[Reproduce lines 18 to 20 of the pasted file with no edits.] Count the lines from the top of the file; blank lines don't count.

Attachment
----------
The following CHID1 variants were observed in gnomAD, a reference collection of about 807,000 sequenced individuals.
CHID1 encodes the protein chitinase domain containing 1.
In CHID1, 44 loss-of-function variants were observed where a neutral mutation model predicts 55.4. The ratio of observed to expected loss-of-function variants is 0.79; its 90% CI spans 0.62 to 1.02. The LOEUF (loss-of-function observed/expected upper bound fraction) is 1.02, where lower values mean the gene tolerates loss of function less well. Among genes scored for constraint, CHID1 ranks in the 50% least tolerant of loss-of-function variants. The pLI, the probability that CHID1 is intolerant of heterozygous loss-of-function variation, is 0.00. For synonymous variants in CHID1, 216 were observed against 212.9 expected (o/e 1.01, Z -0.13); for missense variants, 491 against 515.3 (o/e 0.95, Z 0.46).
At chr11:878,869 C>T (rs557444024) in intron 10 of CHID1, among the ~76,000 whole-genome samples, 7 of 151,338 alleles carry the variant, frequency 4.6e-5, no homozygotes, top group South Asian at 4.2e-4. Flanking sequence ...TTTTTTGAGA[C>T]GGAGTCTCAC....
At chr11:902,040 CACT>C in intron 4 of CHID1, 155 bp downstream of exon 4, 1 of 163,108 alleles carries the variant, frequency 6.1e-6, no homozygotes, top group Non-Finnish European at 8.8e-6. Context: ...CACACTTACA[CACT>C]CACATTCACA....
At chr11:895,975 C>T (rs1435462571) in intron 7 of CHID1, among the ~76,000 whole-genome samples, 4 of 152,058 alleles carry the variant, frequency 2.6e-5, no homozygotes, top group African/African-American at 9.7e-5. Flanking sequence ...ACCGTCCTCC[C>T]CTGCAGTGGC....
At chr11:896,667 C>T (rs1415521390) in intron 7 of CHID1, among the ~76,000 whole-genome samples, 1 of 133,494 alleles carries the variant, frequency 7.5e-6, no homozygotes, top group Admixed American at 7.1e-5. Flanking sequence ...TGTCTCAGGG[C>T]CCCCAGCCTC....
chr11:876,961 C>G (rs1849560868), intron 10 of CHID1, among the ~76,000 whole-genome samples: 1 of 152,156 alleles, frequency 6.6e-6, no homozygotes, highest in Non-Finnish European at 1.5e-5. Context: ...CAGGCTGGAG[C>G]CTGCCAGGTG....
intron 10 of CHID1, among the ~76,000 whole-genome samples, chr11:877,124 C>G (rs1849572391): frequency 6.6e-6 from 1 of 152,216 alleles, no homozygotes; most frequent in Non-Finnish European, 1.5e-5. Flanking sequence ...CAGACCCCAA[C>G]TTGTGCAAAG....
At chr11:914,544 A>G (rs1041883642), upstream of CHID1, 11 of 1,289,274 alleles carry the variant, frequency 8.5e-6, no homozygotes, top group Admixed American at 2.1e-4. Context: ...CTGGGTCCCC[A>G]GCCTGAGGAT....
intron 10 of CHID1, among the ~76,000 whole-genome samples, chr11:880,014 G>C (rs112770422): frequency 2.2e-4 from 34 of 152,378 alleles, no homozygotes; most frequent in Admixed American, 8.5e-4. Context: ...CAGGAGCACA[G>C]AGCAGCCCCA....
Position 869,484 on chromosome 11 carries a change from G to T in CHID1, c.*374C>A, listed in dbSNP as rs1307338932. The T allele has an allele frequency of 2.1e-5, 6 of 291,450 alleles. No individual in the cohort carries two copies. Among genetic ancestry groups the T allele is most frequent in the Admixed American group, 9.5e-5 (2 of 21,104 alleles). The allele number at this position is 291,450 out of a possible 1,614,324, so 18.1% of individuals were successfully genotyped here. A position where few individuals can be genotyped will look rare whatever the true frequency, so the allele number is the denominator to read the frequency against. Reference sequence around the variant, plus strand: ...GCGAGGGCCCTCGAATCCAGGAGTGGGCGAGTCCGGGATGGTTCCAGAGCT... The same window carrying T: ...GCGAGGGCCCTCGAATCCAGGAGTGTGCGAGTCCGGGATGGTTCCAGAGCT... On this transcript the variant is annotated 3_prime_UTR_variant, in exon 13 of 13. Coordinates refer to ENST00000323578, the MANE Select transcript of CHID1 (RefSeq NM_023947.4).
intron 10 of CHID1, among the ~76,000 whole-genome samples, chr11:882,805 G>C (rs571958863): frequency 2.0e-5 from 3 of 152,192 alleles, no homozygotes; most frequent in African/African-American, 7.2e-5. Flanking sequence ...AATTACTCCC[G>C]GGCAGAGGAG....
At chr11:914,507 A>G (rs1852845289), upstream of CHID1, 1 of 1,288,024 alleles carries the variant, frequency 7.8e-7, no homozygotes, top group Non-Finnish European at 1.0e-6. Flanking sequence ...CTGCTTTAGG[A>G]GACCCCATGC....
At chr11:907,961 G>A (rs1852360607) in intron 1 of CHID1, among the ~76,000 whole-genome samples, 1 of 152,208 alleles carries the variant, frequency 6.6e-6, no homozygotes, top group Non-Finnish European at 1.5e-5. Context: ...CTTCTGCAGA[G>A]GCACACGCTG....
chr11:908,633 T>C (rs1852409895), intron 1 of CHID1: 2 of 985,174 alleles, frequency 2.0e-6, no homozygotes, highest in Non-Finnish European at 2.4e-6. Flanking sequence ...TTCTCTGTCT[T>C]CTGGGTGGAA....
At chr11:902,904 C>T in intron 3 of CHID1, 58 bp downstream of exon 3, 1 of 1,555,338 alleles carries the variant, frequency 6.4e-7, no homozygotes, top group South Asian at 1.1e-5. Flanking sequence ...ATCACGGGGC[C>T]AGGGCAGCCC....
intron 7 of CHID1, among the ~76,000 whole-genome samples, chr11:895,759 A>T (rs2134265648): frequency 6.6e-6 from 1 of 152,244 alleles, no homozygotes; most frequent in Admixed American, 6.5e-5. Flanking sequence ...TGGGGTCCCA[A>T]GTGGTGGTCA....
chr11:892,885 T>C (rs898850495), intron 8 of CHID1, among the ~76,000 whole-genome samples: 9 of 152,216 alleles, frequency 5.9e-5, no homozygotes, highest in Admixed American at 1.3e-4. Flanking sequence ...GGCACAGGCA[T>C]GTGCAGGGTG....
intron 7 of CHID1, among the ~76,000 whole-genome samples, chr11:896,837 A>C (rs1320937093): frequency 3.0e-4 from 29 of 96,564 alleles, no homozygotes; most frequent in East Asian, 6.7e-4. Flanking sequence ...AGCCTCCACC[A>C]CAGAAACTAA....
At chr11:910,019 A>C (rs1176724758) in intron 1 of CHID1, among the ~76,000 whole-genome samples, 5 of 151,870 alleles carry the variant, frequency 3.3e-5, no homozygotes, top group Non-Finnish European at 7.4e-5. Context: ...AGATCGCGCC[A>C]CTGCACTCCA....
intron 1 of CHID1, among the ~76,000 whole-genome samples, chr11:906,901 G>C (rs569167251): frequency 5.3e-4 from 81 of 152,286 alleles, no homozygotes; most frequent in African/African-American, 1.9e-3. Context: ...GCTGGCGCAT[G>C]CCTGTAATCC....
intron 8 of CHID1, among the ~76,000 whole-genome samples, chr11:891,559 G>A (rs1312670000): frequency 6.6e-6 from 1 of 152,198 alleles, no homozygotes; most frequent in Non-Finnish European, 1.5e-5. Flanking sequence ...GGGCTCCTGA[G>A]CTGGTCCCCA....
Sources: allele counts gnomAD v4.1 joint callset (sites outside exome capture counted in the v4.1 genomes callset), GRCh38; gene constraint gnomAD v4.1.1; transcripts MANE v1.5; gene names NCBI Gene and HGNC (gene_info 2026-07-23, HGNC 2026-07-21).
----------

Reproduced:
intron 7 of CHID1, among the ~76,000 whole-genome samples, chr11:895,759 A>T (rs2134265648): frequency 6.6e-6 from 1 of 152,244 alleles, no homozygotes; most frequent in Admixed American, 6.5e-5. Flanking sequence ...TGGGGTCCCA[A>T]GTGGTGGTCA....
chr11:892,885 T>C (rs898850495), intron 8 of CHID1, among the ~76,000 whole-genome samples: 9 of 152,216 alleles, frequency 5.9e-5, no homozygotes, highest in Admixed American at 1.3e-4. Flanking sequence ...GGCACAGGCA[T>C]GTGCAGGGTG....
intron 7 of CHID1, among the ~76,000 whole-genome samples, chr11:896,837 A>C (rs1320937093): frequency 3.0e-4 from 29 of 96,564 alleles, no homozygotes; most frequent in East Asian, 6.7e-4. Flanking sequence ...AGCCTCCACC[A>C]CAGAAACTAA....